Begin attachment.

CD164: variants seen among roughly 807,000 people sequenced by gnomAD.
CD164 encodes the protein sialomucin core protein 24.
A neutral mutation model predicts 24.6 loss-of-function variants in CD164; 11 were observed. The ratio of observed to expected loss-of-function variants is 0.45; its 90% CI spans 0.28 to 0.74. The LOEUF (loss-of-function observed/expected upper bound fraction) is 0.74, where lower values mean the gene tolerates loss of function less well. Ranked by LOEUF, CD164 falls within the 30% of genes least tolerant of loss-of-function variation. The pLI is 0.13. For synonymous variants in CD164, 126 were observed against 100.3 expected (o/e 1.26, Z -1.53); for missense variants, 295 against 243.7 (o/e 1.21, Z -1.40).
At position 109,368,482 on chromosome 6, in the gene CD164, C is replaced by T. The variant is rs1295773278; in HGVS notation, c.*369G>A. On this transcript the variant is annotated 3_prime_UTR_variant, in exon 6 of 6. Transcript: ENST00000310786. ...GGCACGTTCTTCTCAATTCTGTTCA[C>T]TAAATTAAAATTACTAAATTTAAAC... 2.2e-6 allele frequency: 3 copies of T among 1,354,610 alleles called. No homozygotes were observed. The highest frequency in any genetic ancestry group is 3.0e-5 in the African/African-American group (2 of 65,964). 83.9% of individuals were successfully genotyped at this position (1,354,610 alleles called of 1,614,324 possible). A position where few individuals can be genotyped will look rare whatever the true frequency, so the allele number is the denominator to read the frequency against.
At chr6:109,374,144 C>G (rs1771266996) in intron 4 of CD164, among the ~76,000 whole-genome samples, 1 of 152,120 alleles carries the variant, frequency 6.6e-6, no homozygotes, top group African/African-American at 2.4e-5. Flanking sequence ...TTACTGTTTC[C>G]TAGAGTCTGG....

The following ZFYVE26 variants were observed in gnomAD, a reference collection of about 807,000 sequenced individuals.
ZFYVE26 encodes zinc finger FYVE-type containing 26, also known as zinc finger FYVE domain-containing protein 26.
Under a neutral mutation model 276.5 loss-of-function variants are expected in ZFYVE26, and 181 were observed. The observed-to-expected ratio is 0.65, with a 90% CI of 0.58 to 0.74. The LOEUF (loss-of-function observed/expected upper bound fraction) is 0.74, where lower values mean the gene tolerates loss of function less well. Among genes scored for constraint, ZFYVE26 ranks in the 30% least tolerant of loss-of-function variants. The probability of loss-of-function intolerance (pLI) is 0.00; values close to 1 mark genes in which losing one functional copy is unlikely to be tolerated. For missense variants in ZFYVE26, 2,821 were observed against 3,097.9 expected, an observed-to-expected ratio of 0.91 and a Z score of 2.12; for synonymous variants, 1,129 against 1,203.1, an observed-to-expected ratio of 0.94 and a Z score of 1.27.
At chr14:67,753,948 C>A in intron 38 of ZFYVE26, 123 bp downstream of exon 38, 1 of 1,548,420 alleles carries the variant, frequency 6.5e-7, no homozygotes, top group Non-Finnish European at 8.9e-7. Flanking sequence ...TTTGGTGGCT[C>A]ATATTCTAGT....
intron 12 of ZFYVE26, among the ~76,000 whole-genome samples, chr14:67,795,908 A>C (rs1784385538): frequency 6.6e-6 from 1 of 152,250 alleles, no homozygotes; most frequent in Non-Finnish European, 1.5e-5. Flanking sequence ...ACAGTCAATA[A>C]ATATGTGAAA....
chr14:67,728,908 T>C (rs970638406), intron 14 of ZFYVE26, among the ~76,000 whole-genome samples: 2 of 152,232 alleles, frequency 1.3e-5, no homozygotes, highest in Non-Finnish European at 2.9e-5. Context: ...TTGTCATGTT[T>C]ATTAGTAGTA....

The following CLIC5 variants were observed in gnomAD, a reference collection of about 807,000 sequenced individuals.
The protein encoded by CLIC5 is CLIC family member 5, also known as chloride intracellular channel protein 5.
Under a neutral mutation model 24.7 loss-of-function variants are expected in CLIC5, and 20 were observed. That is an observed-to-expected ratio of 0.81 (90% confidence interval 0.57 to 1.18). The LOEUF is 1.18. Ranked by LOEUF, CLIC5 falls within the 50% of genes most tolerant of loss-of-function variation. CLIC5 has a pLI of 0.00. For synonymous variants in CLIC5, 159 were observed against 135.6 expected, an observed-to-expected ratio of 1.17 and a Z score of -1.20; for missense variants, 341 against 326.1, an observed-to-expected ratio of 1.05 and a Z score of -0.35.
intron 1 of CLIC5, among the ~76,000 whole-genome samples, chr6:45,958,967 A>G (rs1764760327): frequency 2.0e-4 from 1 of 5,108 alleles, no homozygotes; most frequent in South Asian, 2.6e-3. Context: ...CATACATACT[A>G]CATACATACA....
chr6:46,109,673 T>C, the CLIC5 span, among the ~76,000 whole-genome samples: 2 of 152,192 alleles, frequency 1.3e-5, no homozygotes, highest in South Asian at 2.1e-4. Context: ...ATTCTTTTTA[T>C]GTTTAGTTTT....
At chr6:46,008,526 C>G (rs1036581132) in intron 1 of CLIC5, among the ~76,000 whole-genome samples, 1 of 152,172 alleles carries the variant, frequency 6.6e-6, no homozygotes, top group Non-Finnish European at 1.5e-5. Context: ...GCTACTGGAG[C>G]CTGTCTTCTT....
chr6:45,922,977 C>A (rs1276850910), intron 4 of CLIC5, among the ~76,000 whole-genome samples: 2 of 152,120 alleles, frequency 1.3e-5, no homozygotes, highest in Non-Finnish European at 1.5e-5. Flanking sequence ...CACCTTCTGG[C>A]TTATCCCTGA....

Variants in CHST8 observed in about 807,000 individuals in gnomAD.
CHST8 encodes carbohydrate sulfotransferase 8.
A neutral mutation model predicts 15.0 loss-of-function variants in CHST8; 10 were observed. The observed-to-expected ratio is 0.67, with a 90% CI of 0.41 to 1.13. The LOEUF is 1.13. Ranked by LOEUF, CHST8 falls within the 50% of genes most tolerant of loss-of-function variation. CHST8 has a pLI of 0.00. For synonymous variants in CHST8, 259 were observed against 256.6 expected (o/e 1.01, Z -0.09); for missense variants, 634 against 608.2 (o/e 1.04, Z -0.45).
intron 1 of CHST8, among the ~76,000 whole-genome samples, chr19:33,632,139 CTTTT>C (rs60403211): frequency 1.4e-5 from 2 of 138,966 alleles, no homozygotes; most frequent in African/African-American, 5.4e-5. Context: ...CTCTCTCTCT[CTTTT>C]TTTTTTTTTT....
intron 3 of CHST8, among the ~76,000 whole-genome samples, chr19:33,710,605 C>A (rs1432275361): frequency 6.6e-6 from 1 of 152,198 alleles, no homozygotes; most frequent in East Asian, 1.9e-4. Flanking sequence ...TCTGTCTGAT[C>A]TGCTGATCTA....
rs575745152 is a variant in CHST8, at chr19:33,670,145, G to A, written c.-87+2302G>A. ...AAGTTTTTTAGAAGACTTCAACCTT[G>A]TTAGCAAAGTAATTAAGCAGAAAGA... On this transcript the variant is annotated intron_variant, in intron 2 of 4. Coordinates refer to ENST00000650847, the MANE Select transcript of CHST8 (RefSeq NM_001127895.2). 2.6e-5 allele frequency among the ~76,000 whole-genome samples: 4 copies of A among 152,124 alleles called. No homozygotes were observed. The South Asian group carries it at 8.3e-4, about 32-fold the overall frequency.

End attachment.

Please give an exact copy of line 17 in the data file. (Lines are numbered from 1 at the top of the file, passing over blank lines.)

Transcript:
At chr6:46,008,526 C>G (rs1036581132) in intron 1 of CLIC5, among the ~76,000 whole-genome samples, 1 of 152,172 alleles carries the variant, frequency 6.6e-6, no homozygotes, top group Non-Finnish European at 1.5e-5. Context: ...GCTACTGGAG[C>G]CTGTCTTCTT....